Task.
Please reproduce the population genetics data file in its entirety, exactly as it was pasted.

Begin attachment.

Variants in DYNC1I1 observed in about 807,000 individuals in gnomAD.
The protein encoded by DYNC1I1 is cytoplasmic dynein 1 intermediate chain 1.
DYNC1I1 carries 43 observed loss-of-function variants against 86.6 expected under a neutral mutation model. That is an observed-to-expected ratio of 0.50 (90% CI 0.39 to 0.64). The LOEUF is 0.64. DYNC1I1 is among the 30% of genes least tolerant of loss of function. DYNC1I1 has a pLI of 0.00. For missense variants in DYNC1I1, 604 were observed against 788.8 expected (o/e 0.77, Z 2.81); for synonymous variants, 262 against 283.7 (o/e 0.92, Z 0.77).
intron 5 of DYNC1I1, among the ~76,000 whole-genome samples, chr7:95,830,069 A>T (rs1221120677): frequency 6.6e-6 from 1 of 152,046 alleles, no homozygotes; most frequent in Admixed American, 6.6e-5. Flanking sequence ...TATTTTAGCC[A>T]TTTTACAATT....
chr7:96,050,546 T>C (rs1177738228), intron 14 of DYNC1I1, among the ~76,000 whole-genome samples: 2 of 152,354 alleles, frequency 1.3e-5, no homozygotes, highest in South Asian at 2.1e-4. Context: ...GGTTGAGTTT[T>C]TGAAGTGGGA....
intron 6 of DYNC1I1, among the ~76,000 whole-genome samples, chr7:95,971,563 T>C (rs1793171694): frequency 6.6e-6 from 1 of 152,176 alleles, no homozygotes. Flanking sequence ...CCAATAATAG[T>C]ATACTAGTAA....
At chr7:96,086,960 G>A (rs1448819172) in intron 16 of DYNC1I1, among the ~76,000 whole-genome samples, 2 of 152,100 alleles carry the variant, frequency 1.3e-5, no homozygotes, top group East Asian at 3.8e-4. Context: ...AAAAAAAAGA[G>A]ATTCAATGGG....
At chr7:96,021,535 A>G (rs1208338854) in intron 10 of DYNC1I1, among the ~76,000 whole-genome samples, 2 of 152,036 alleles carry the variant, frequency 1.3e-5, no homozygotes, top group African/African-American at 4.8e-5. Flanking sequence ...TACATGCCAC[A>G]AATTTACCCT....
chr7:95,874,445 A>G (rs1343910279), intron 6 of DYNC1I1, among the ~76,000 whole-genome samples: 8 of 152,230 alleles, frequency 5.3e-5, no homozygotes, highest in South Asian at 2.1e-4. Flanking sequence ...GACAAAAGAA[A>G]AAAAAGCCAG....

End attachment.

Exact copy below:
Variants in DYNC1I1 observed in about 807,000 individuals in gnomAD.
The protein encoded by DYNC1I1 is cytoplasmic dynein 1 intermediate chain 1.
DYNC1I1 carries 43 observed loss-of-function variants against 86.6 expected under a neutral mutation model. That is an observed-to-expected ratio of 0.50 (90% CI 0.39 to 0.64). The LOEUF is 0.64. DYNC1I1 is among the 30% of genes least tolerant of loss of function. DYNC1I1 has a pLI of 0.00. For missense variants in DYNC1I1, 604 were observed against 788.8 expected (o/e 0.77, Z 2.81); for synonymous variants, 262 against 283.7 (o/e 0.92, Z 0.77).
intron 5 of DYNC1I1, among the ~76,000 whole-genome samples, chr7:95,830,069 A>T (rs1221120677): frequency 6.6e-6 from 1 of 152,046 alleles, no homozygotes; most frequent in Admixed American, 6.6e-5. Flanking sequence ...TATTTTAGCC[A>T]TTTTACAATT....
chr7:96,050,546 T>C (rs1177738228), intron 14 of DYNC1I1, among the ~76,000 whole-genome samples: 2 of 152,354 alleles, frequency 1.3e-5, no homozygotes, highest in South Asian at 2.1e-4. Context: ...GGTTGAGTTT[T>C]TGAAGTGGGA....
intron 6 of DYNC1I1, among the ~76,000 whole-genome samples, chr7:95,971,563 T>C (rs1793171694): frequency 6.6e-6 from 1 of 152,176 alleles, no homozygotes. Flanking sequence ...CCAATAATAG[T>C]ATACTAGTAA....
At chr7:96,086,960 G>A (rs1448819172) in intron 16 of DYNC1I1, among the ~76,000 whole-genome samples, 2 of 152,100 alleles carry the variant, frequency 1.3e-5, no homozygotes, top group East Asian at 3.8e-4. Context: ...AAAAAAAAGA[G>A]ATTCAATGGG....
At chr7:96,021,535 A>G (rs1208338854) in intron 10 of DYNC1I1, among the ~76,000 whole-genome samples, 2 of 152,036 alleles carry the variant, frequency 1.3e-5, no homozygotes, top group African/African-American at 4.8e-5. Flanking sequence ...TACATGCCAC[A>G]AATTTACCCT....
chr7:95,874,445 A>G (rs1343910279), intron 6 of DYNC1I1, among the ~76,000 whole-genome samples: 8 of 152,230 alleles, frequency 5.3e-5, no homozygotes, highest in South Asian at 2.1e-4. Flanking sequence ...GACAAAAGAA[A>G]AAAAAGCCAG....